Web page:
When academics were asked early on in the primaries if Trump was a fascist, most laughed. But comparisons to Benito Mussolini’s style are becoming more common. Trump’s anti-intellectual, illiberal, anti-minority, anti-democratic, anti-politics, which harks back to a mythical golden age of American greatness, which Trump promises to restore, his profound prejudice against minorities and outsiders, and opponents regardless of their politics, his flip-flopping and inconsistencies, and encouragement of violence at home and abroad – makes the comparison more viable. His campaign, and especially his rallies, look and sound like those organised by segregationist third party candidate George Wallace in 1968, whose language about protestors and disorder were remarkably similar to the restore-order-through-violence rhetoric of Trump. Both Wallace and Trump appear to welcome violent altercations because of their essentially authoritarian approach and appeal to strength over weakness.
With all this thunder on the right, it is important to remember that there is a real contest brewing in the Democratic party primaries. Although Clinton has won many more states than Sanders, with a little under 1100 pledged delegates, she is just 320 ahead of the ‘socialist’ candidate, mainly due to the proportional distribution system in party primaries. Sanders has been a strong second in several contests, including losing by under 2% in Illinois and by just 0.2% in Missouri. He lost Massachusetts (1.4%) and Iowa (0.2%) by tiny margins as well. But Sanders’s best states – those outside the deep South – are yet to come and the demographics there weigh towards Sanders. In such conditions, come the nominating convention in July, Clinton’s majority might be much smaller and force the hand of the so-called super-delegates of party elders towards Sanders. And, finally, most polls show Sanders defeating Trump in a presidential contest more handsomely than Clinton does.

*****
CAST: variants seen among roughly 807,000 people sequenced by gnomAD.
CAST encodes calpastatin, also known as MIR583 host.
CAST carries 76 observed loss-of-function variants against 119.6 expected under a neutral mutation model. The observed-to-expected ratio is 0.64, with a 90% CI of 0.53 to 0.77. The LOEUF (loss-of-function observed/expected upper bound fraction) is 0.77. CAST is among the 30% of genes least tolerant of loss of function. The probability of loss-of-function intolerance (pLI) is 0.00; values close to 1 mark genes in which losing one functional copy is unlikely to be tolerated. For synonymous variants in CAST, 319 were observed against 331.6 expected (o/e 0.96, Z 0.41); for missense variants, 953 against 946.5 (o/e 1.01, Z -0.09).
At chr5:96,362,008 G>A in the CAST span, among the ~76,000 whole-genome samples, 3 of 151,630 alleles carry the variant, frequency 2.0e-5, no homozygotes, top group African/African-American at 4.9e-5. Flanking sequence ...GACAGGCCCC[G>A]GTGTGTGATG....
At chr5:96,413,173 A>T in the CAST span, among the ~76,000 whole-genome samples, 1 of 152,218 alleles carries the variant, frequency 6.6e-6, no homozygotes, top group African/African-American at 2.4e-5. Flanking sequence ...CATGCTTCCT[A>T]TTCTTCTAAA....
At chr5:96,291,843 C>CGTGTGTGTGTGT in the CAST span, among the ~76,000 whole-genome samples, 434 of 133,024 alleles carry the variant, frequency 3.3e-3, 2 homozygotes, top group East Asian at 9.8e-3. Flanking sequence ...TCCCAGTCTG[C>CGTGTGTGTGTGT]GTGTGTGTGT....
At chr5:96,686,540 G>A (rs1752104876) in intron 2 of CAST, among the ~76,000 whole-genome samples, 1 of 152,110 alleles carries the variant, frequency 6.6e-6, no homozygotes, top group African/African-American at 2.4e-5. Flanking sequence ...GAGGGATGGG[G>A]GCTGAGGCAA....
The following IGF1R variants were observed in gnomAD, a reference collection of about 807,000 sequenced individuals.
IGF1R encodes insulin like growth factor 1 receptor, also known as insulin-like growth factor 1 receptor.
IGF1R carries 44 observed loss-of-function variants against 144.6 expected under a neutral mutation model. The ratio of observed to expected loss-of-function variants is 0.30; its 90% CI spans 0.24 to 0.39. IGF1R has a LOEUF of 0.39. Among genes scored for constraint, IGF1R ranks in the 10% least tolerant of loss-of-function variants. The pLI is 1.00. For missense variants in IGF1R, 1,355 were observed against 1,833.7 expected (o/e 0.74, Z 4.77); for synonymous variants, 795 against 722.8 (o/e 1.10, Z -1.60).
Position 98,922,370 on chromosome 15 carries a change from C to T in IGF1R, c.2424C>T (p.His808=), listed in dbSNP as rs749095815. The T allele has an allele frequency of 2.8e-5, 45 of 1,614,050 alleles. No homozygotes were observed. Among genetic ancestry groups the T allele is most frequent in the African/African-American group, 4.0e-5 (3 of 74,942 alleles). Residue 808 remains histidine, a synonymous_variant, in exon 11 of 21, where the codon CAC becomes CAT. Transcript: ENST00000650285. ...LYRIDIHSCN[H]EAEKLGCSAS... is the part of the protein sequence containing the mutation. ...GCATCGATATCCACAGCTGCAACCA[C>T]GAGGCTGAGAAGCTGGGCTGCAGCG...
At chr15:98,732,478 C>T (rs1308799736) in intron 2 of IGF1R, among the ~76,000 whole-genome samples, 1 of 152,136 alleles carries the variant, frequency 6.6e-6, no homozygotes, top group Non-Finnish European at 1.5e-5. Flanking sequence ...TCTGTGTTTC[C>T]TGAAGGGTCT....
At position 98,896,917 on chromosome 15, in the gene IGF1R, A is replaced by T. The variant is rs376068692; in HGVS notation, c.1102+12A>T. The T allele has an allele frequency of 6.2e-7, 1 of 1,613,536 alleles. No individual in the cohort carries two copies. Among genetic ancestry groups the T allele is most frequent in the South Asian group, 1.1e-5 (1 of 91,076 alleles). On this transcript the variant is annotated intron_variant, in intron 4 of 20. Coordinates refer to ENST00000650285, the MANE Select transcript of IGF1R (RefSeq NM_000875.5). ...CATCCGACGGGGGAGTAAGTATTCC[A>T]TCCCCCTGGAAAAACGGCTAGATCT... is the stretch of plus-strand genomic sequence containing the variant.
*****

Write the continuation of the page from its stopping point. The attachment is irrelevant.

But the bigger meaning of the primaries was perhaps delivered by the defeated Rubio. From within the Republican elite’s tent, he condemned the party’s leadership for complacency, arrogance and elitism towards conservatives: “…I blame… a political establishment that for far too long has looked down at conservatives as simple minded people… as bomb throwers…. taken conservatives’ votes for granted, and that has grown to confuse cronyism for capitalism and big business for free enterprise.”
With a few tweaks, that could as easily have been said about the Democratic party establishment – as Sanders suggests and millions of votes attest. The gap between the established political elite and the vast majority of Americans is now wider than it has been since the 1970s – the last time the very legitimacy of the American political system was called into question in the wake of the horrors of the Vietnam War, the illegal bombing of Cambodia, the furore over the leaked Pentagon papers and the Watergate scandal that destroyed Richard Nixon.
It is unlikely that a contest between Trump and any Democratic candidate will not be ugly, possibly violent, divisive and damaging to America’s global standing. But it might clarify what America really stands for.
Inderjeet Parmar is Professor and Head of the Department of International Politics, City University London.